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Archive for August, 2020

Every five years since 1980, the U. S. Department of Agriculture (USDA) in conjunction with the Health and Human Services (HHS) revises the recommended dietary guidelines for Americans. The new committee, made up of physicians, dietitians, scientists, and other medical professionals, has pored through current research in nutrition to develop undated guidelines. What changes can we expect from those previously published?

According to the 2020 Dietary Guidelines Advisory Committee, more than half the people in the US have one or more a preventable chronic disease. Many of these conditions relate to unhealthy dietary practices. Therefore, a major goal of the committee is to summarize and synthesize scientific evidence to reduce risks “of chronic disease while meeting nutrient requirement and promoting health for all Americans.”

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The committee amplified or expanded the five principles from the 2015-2020 guidelines with more emphasis on pregnant women, infants, and toddlers. Below are the current guidelines with a few suggested changes.

1. Follow a healthy eating pattern across the lifespan.

The committed suggests revised guidelines include dietary patterns for each life stage by incorporating, following, and modifying the pattern for different life stages for specific nutritional needs.

The committee recognizes three acceptable dietary patterns that share core components but allow for key differences to tailor for individual preferences: Healthy U.S.-Style Pattern, Healthy Mediterranean-Style Pattern, and Healthy Vegetarian. These three patterns all 1) obtain most of needed energy from plant-based foods, 2) provide protein and fats from nutrient-rich food sources, and 3) limit intakes of added sugars, solid fats, and sodium. All use the 2,000-kcal level as a reference for serving size and nutrient content.

The USDA Food Pattern includes five major food groups, and in some cases, subgroups.

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  • Fruits
  • Vegetables: Dark green, red and orange, beans and peas, starchy, and other
  • Dairy, including calcium-fortified soy beverages
  • Grains: Whole grains and refined grains
  • Protein Foods: Meats, poultry, and eggs; seafood; nuts, seeds, and soy products
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The Mediterranean diet includes more fruits and protein foods than the Healthy U. S.-Style Pattern. It also includes more omega-3 fatty acids because of emphasis on seafood and contains less sodium. However, the Mediterranean diet is lower in calcium, phosphorus, and vitamin A primarily because it includes two cup-equivalents of dairy instead of the three cup-equivalents in the U. S.-Style Pattern.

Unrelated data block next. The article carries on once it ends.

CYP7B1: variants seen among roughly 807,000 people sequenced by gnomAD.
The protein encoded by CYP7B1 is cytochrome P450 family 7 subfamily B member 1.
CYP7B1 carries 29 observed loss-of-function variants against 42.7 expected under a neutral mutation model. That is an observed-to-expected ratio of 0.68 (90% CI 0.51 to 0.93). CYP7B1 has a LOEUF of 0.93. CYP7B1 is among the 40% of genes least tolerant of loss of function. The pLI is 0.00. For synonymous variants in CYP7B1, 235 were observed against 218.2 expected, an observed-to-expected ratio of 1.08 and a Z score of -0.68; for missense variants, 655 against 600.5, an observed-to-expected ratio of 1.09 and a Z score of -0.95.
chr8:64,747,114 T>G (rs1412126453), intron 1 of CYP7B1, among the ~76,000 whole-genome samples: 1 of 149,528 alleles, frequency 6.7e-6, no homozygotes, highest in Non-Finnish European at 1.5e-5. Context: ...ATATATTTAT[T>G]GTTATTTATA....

2. Focus on variety, nutrient density, and amount.

 The proposed guidelines focus on breastfeeding and human milk for optimal nutrition for infants. For all ages, the authors reiterate variety, portion size, and frequency of eating based on nutritional quality of food choices,

3. Limit calories from added sugars and saturated fats and reduce sodium intake.

The committee recommends limiting foods and beverages that are sources of added sugars, saturated fats, salt, and alcohol to reduce excessive calories and replace those food components with more healthful choices. For alcoholic beverages, they state “current evidence indicates that lower intakes are better than higher intakes and some groups should not drink alcoholic beverages.”

4. Shift to healthier food and beverage choices.

The consumer’s take-home message from the guidelines is that it is never too late to start improving their dietary pattern. That begins with recognizing which foods and beverages to modify or exchange. Changes should include a shift in the dietary pattern to foods and beverages with higher nutrient-to-energy ratios.

5. Support healthy eating patterns for all.

The committee advocates food accessibility for all Americans while considering cultural, ethnic, and socioeconomic factors that influence food preferences and support healthful eating patterns for all ages.

Although the information included in this blog is core to the revisions, the committee, in 835 pages, expounds on the many issues considered in adapting the 2020-2025 guidelines for healthier Americans. These recommendations were open for public response and can be accessed online. While many will choose to ignore suggestions, the prudent will take note to make needed changes in their diets to live a healthier— and thereby— longer life.

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